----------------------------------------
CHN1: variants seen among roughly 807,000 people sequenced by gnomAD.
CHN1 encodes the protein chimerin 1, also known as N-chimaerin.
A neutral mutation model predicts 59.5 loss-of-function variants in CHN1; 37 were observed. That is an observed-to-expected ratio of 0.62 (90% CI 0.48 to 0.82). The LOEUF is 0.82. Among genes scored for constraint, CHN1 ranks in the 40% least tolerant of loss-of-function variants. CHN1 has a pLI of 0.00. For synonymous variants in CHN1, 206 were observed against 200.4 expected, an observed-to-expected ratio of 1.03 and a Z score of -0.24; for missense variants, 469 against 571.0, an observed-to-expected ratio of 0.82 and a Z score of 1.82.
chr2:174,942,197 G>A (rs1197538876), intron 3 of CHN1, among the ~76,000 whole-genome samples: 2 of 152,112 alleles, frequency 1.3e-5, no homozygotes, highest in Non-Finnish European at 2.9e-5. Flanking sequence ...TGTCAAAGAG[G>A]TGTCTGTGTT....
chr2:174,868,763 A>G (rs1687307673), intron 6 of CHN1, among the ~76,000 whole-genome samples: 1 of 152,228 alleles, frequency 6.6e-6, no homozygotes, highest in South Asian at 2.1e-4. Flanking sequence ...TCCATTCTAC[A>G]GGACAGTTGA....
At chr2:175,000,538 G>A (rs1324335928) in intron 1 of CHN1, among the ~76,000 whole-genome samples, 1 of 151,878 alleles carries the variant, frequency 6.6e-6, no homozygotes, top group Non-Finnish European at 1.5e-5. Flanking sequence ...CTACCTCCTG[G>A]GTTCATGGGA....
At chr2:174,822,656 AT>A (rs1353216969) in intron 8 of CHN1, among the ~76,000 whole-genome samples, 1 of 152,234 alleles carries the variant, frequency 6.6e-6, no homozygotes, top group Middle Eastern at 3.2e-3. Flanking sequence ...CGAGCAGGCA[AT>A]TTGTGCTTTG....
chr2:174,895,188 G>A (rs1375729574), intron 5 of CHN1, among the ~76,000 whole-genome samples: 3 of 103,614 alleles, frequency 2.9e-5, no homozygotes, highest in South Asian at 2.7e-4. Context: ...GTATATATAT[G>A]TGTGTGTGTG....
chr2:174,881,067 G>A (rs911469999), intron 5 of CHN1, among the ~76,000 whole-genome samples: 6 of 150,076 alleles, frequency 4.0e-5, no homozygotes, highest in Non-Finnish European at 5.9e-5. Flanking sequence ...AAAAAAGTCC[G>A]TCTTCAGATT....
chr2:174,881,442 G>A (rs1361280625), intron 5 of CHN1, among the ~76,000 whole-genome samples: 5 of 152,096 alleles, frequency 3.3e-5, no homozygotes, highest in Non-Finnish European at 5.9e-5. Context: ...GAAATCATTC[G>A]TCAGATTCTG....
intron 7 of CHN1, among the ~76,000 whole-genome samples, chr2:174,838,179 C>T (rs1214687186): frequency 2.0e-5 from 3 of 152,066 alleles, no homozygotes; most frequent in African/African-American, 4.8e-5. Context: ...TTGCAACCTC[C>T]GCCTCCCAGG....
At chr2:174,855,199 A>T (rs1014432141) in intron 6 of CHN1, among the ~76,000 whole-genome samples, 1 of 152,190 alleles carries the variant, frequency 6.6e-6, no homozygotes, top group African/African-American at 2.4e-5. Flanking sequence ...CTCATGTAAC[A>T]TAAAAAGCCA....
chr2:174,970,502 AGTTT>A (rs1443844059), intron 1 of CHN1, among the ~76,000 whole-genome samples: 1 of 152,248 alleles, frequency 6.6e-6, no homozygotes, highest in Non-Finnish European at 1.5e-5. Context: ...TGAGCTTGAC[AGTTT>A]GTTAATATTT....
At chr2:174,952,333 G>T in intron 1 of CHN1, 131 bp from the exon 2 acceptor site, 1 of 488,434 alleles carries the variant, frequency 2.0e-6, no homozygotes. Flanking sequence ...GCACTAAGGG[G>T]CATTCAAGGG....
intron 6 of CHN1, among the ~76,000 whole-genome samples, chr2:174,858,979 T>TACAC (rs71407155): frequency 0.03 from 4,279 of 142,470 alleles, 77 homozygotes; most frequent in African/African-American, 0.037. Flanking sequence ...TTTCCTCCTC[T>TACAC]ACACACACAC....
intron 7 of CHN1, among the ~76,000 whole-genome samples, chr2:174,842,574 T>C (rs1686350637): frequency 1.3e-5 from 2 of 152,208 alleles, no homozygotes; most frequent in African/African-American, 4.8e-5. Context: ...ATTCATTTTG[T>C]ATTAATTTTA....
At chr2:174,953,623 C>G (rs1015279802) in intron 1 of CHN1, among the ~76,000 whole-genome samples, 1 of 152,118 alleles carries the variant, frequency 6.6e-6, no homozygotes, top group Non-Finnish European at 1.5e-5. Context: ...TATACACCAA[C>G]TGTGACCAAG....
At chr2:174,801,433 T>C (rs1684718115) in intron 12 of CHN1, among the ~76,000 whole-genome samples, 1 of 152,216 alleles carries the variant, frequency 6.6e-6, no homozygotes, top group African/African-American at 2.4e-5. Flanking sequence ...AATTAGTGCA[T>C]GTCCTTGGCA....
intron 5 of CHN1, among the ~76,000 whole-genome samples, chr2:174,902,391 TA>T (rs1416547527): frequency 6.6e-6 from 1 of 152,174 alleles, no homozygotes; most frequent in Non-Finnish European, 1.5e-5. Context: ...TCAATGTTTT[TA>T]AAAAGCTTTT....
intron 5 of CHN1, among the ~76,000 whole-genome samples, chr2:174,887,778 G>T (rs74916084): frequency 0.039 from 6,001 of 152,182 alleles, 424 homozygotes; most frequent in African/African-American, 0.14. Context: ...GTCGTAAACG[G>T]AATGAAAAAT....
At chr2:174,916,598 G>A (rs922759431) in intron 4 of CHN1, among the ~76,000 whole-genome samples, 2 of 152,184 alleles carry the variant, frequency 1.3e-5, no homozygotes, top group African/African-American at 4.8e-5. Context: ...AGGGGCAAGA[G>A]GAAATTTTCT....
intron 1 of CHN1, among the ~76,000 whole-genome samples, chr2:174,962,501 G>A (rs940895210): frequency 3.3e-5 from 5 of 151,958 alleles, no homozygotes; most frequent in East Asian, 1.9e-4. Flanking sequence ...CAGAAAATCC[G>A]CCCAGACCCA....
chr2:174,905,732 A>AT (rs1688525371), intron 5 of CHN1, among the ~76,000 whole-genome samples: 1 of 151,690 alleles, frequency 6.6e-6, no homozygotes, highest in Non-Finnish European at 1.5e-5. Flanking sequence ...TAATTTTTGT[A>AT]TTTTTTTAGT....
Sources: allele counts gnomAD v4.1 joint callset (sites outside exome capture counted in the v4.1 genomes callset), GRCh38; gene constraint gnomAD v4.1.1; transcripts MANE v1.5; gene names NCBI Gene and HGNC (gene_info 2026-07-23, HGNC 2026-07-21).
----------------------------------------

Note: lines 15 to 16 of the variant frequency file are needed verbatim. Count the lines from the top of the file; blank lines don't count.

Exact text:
intron 6 of CHN1, among the ~76,000 whole-genome samples, chr2:174,858,979 T>TACAC (rs71407155): frequency 0.03 from 4,279 of 142,470 alleles, 77 homozygotes; most frequent in African/African-American, 0.037. Flanking sequence ...TTTCCTCCTC[T>TACAC]ACACACACAC....
intron 7 of CHN1, among the ~76,000 whole-genome samples, chr2:174,842,574 T>C (rs1686350637): frequency 1.3e-5 from 2 of 152,208 alleles, no homozygotes; most frequent in African/African-American, 4.8e-5. Context: ...ATTCATTTTG[T>C]ATTAATTTTA....